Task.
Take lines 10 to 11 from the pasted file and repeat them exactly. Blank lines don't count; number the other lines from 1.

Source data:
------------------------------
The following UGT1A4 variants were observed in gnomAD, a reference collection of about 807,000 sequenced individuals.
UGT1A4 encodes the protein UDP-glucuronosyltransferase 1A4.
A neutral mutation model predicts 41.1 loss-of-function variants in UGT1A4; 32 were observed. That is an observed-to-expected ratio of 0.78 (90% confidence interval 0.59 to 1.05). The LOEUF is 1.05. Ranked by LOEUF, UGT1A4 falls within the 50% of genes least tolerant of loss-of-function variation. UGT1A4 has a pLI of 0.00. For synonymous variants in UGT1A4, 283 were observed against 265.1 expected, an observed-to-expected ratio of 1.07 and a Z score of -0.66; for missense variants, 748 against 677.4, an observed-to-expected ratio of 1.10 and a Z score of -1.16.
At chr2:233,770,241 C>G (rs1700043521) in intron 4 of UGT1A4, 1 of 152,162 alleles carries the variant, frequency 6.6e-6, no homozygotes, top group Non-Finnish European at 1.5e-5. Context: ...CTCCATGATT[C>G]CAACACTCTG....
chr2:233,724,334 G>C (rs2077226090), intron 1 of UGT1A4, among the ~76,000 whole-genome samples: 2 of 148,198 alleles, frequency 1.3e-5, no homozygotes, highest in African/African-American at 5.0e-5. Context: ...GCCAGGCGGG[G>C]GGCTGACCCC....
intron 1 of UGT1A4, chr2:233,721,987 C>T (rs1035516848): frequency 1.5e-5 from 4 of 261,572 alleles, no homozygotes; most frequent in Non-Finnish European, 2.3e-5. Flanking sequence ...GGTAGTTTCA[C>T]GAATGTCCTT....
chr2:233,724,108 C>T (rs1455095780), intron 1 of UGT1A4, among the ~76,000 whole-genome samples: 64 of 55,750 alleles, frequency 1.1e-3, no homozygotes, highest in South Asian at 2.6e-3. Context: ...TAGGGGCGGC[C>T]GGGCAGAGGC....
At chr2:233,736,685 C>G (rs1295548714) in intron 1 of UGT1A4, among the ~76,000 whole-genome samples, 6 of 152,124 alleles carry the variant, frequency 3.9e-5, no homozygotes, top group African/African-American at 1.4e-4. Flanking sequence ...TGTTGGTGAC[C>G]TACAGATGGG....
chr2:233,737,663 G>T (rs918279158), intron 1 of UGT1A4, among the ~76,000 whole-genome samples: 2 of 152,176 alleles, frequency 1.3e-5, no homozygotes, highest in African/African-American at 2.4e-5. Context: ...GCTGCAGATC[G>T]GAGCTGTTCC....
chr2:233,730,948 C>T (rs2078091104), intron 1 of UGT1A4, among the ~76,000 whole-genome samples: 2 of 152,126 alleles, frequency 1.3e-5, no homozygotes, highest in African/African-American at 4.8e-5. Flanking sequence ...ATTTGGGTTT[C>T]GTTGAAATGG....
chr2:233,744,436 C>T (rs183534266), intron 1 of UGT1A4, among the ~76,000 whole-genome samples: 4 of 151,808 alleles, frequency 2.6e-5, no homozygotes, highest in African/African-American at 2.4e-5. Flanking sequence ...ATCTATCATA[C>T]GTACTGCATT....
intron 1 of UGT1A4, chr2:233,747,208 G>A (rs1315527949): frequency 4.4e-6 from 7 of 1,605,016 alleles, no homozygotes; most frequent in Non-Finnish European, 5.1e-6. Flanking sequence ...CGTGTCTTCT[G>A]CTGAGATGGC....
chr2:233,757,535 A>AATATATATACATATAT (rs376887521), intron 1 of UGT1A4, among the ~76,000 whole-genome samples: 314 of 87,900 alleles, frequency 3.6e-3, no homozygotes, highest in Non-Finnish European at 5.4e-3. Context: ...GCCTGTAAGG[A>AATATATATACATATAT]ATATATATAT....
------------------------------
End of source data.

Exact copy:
chr2:233,730,948 C>T (rs2078091104), intron 1 of UGT1A4, among the ~76,000 whole-genome samples: 2 of 152,126 alleles, frequency 1.3e-5, no homozygotes, highest in African/African-American at 4.8e-5. Flanking sequence ...ATTTGGGTTT[C>T]GTTGAAATGG....
chr2:233,744,436 C>T (rs183534266), intron 1 of UGT1A4, among the ~76,000 whole-genome samples: 4 of 151,808 alleles, frequency 2.6e-5, no homozygotes, highest in African/African-American at 2.4e-5. Flanking sequence ...ATCTATCATA[C>T]GTACTGCATT....